March 05, 2009


By Hisham Isa, Vice President (Marketing)

Just about every mobile campaign, by its very nature, is targeted at a particular audience. However many companies do not target their ads strategically. In this week's column, I'd like to share some best practices with you and also take a look at the Targeting Capabilities of the BuzzCity ad server. Particularly if you are a campaign manager who purchases ad space on the fly, I invite you to think about these five rules: 

  1. Identify your audience and objectives.
  2. Determine the best date and time of day to launch your campaign.
  3. Think about Content Targeting Filters as a proxy for Gender & Age.
  4. Don't get hung up on Technical Targeting.
  5. Test, test, test
Step 1: Identify your Audience & Objectives
Who is the campaign trying to reach and what action do you want consumers to take? You probably thought about these questions when you conceptualised your campaign, designed the banners and wrote the ad copy, but take a fresh look at these points as you determine when and where to place the mobile ads. Your answers to these questions will directly impact your actions in the next two steps.

Step 2: Date and Time Targeting
Advertisers prefer to run campaigns when mobile internet usage is high; consumer groups have specific behaviours related to time that will impact the start and end of a successful campaign:

  • Students, for example, don't surf on holidays.
  • In the UK and Nigeria, mobile surfers tend to check messages early in the morning.*
  • Office workers don't surf during the lunch hour. (Lunchtime is actually the least active period on our network.)
  • Across our ad network, the evening hours are the most surfed. Entertainment services tend to peak their campaigns at night, having observed higher download trends during these hours.
* If you are targeting a specific country, check out the appropriate Country Profile page of our consumer surveys (here's a link to the most recent one and a link to previous reports).

Product releases and promotions invariably affect campaign dates. But so too should school holidays, festivals and public holidays as these occasions impact usage and hence the visibility of your ads.

The bottom line here is to use the Day and Hour Filters (Start / End Time) to determine times when your banners should -- or should not – appear.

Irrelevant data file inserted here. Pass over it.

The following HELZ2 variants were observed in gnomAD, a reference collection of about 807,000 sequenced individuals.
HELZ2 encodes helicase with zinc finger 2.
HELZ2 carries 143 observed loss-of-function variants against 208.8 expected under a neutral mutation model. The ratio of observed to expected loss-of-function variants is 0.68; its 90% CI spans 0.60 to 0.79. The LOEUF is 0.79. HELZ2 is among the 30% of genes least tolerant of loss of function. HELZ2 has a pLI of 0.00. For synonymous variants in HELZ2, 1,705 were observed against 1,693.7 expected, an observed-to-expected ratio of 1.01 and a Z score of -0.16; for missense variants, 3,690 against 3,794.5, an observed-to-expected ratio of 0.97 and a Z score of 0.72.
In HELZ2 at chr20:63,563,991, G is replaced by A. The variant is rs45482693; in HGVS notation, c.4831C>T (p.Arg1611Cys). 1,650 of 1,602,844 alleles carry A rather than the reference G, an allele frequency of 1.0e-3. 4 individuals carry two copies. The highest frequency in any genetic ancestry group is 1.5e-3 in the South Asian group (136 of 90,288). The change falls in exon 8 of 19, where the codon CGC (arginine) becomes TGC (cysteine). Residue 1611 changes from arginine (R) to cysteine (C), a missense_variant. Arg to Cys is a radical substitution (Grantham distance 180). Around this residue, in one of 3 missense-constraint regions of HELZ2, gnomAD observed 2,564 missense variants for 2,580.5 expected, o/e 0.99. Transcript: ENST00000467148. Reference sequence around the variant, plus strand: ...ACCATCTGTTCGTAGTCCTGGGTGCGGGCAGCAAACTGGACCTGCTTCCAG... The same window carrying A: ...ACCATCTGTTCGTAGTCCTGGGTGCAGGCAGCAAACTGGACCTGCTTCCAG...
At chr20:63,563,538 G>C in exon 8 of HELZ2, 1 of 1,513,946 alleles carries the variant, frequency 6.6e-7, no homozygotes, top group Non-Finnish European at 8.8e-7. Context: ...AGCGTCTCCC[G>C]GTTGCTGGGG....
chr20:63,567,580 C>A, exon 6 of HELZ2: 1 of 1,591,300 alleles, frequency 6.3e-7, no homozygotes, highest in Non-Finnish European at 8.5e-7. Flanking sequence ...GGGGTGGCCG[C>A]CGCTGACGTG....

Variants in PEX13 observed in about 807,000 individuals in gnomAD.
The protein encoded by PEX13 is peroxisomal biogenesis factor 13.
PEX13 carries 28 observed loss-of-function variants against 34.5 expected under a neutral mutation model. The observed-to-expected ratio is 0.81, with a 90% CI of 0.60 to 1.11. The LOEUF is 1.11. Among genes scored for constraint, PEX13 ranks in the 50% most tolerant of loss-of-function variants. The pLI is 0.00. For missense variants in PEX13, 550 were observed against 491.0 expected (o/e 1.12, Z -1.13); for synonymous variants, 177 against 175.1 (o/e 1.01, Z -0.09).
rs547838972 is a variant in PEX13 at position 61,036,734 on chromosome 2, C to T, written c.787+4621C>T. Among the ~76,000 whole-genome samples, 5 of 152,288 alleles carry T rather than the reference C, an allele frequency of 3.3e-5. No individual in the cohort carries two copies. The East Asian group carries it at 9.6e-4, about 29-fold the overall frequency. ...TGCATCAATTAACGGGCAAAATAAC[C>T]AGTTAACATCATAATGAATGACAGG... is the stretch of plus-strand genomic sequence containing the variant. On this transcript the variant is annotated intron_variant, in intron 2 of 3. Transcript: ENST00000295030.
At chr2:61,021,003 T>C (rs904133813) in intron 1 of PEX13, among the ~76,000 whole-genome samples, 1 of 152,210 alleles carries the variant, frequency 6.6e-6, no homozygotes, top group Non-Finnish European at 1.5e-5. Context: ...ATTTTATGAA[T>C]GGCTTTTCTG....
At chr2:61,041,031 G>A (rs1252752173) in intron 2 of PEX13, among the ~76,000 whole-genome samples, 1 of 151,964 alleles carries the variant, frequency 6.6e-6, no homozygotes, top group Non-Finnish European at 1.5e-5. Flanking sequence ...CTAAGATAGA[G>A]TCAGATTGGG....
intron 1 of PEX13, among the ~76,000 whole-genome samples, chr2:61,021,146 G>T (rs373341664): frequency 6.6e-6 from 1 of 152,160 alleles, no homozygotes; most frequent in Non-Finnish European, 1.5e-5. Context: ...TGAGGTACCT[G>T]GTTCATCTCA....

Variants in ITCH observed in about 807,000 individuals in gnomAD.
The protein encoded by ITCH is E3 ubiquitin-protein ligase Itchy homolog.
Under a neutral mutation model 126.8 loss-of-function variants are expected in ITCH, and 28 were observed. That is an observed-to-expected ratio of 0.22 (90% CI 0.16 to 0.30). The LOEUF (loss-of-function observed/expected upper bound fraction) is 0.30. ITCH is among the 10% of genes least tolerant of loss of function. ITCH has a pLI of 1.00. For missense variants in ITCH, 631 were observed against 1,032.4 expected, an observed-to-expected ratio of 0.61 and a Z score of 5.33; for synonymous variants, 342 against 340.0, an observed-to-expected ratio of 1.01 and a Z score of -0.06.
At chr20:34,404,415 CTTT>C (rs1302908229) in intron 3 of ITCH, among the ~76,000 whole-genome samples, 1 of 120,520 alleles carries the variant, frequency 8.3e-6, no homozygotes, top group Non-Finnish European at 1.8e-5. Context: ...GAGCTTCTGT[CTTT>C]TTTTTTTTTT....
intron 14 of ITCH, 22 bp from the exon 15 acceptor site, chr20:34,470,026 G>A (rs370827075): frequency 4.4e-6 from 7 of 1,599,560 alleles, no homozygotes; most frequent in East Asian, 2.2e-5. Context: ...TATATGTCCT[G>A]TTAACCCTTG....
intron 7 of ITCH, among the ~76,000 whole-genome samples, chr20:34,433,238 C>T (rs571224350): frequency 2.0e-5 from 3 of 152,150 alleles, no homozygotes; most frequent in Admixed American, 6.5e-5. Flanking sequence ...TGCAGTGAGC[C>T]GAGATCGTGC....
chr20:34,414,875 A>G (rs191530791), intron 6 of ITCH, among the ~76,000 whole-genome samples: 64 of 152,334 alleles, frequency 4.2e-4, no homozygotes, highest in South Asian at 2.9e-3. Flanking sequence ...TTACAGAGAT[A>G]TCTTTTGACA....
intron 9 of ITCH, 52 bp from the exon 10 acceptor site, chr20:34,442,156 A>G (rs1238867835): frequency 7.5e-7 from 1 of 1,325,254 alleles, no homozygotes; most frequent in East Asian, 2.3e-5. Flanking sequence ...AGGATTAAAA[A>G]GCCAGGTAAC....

Step 3: Content Targeting
The BuzzCity ad network is divided into seven content channels:

  1. myGamma
  2. Community
  3. Entertainment & Lifestyle
  4. Information
  5. Mobile Content
  6. Search/ Portal/ Services
  7. Adult Sites
Content Targeting ensures that a marketing message is delivered to an audience predisposed to responding to your message. Content filters can also serve as a proxy for age and gender as your team can make educated decisions about which type of viewer is likely to visit which channel. For example, as Yuszela pointed out in her February blog, the typical male consumer – and the typical myGamma member – is a twenty-something male. At the moment, there's no clear data on which channels women most like to frequent. However BuzzCity is researching how to categorise sites in a manner which make it easier to target demographic groups.

Step 4: Technical Targeting
Banners can be targeted to appear on phones made by specific carriers or manufacturers (Nokia, Sony Ericsson, Motorola, etc). The former is a particularly useful feature for e-commerce transactions that are tied to a telecoms provider. You can also target technical features like Bluetooth, Flash, GPS, music players, Real Player, etc.. You'll need to do this if your application requires a specific technology (for example, apps that work on GPS inputs or if your banner ad was designed to play in Flash).

Along the same line of thought, you can filter by Operating System / Platform. FYI, Symbian has a foothold in more than 45% of the market, roughly the same as Nokia (which is a customer and shareholder of Symbian).

Note that we do not offer choices for the newest operating systems like Android. Technically, we could enable such targeting, but there is not a big enough user-base to justify it. When there is a critical mass, we add the option. Ironically, though, as each new addition becomes pervasive, there's less need to target it. For example, advertisers used to target users with colour screens or phones with Java capability, but now any modern phone has these capabilities.

(In our system, note that Technical Targeting appears right after you set the country targeting filters).

Step 5: Test, Test, Test
Before you formally launch your campaign or spend a lot of money, start small and test. Try different banners, different copy and various targeting filters to see which have the best response. Measure responses by reviewing site logs, survey responses and other site analysis tools.

Testing with a small budget will also help you avoid falling into a trap of “over-targeting”. If you are too specific, the audience becomes small, your ROI drops and we may not be able to serve the ad often enough to meet your minimum $20 daily ad spend, which would indicate that your market may not exist yet on our network.

Personally, unless you are targeting a new operating system or technical feature, I think this is unlikely to happen often, as the BuzzCity Ad Network delivered more than 6 billion ads in the first two months of the year. Here, perhaps, lies the strength of a CPC network like ours: it works well when there’s volume. Targeting is an essential tool for mobile marketing, but it needs to be applied judiciously, so you can get enough focus without losing critical mass.